Windows 7/dual boot question
I bought my girlfriend a Windows 7 computer. I run Windows Home XP at my house.
My question, I have a cloned internal hard drive of my system with the operating system on it. Can I hook that cloned drive up on my GF's computer so I can run my programs on her computer. In other words have a dual boot computer?
Congratulations on being the first questioner since I came back on the site after a long break!
However, in short, the answer is no.
There are several issues to consider. The two devices will differ greatly in terms of hardware - a brand new Windows 7 desktop, compared to an older Windows XP laptop, will have a totally different processor, and a totally different motherboard, both of which are kind of "set in stone" when you install an operating system*, and could cause a number of issues in the future, if not when you first boot up.
If you were somehow able to boot up on the new machine, there could be some issues running this on the same network as your existing laptop, because any unique identifiers would be pretty much the same - not an issue if you used them at separate locations though.
Licensing issues also crop up, because you are essentially running two systems off one license, which Microsoft doesn't allow as you're running the Home edition. You would need a new license key to run the software legally.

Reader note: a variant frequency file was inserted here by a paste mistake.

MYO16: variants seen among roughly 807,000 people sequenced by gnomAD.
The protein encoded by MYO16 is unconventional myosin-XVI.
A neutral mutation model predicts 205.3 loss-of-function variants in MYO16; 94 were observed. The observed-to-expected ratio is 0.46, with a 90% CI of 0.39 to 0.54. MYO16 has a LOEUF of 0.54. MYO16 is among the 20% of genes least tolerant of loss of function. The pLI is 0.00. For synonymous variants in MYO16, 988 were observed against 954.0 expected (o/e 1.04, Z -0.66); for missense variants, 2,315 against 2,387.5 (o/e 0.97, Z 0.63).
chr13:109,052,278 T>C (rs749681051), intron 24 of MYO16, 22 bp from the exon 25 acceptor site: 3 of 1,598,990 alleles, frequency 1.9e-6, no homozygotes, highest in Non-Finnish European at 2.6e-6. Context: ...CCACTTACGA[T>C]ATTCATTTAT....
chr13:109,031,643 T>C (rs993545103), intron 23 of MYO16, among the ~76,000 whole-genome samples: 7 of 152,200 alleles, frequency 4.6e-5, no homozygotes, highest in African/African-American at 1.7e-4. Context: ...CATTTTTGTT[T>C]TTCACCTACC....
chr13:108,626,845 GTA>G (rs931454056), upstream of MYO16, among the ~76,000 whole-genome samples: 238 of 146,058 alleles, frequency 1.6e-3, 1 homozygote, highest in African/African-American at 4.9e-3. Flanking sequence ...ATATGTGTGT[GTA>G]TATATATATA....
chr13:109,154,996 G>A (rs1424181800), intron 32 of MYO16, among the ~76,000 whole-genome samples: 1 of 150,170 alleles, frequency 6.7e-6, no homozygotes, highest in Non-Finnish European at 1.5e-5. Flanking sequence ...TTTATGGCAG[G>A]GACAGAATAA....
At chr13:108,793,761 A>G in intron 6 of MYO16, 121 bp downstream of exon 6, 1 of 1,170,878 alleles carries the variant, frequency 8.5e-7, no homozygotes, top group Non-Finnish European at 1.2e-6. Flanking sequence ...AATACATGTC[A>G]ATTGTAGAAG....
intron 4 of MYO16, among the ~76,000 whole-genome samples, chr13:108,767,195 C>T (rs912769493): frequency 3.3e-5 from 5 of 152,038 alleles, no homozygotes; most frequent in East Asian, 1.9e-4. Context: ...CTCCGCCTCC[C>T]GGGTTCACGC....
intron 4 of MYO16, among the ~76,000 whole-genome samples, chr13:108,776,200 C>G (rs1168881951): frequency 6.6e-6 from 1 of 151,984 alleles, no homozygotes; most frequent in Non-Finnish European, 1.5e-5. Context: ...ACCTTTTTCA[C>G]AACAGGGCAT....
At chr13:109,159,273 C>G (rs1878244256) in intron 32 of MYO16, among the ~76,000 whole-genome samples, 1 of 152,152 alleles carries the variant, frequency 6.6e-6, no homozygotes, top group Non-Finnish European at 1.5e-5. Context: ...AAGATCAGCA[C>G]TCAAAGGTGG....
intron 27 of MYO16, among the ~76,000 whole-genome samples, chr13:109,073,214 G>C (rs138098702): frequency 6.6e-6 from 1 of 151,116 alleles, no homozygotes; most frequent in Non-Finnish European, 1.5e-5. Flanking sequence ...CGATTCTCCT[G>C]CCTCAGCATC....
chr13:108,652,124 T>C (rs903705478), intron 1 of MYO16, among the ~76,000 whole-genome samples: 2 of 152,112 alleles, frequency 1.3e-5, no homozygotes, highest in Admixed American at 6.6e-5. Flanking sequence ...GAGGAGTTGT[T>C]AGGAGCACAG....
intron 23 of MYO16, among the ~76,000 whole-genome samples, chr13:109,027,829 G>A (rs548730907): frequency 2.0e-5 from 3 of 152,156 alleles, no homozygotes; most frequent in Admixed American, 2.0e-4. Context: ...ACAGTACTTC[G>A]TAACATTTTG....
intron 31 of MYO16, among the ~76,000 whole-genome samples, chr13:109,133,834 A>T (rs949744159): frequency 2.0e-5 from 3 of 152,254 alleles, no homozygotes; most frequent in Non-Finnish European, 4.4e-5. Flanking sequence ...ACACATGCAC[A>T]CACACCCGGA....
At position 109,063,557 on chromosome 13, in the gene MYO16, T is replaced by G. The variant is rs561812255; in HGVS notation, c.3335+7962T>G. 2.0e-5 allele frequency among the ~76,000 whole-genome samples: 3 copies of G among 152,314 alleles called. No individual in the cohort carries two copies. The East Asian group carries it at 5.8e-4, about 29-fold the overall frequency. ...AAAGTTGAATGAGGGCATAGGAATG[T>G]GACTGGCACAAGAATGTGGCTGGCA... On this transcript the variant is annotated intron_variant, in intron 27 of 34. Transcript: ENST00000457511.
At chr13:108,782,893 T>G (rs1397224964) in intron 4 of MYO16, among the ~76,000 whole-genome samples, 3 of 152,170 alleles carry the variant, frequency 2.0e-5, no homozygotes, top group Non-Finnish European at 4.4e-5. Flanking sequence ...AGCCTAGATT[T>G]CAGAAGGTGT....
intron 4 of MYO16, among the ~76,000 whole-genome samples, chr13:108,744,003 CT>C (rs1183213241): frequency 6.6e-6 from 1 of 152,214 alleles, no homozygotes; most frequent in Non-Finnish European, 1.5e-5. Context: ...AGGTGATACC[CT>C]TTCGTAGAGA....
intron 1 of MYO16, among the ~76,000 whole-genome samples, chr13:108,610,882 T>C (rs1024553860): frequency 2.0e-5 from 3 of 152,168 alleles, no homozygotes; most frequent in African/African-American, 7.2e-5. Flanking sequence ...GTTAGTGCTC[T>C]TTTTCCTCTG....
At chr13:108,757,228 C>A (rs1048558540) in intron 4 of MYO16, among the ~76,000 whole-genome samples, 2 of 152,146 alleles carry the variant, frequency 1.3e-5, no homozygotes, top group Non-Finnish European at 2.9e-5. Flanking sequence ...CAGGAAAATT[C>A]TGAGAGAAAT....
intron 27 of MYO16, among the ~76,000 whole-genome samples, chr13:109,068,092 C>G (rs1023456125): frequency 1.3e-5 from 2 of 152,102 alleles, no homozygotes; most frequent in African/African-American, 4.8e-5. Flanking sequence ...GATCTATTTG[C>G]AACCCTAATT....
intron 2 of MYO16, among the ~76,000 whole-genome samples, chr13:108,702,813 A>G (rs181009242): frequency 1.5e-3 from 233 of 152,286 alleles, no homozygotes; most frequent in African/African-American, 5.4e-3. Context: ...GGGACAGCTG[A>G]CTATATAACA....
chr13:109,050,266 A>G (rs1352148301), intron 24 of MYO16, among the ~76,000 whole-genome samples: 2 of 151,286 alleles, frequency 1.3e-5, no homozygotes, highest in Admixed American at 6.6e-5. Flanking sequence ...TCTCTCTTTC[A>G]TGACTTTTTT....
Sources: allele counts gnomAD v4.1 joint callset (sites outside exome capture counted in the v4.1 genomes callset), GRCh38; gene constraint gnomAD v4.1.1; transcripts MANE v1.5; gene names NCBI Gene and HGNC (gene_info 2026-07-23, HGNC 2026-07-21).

So, long story short, you could technically do it, but the number of problems that you could encounter, the cost involved in licensing, make it easier to just bring your laptop round to her place. You could consider some alternatives though - perhaps create a new user account on her desktop, and install your programs on there. You could hook your laptop up to the monitor, keyboard and mouse, and for all intents and purpose you achieve what you ask in your question, except it's still running on your hardware. No licensing issues, no technical problems.
Let me know if you would like more information on any of the points I've outlined above.
possible to change your CPU/motherboard after an OS has been installed, but it can get messy if you don't quite know what you're doing.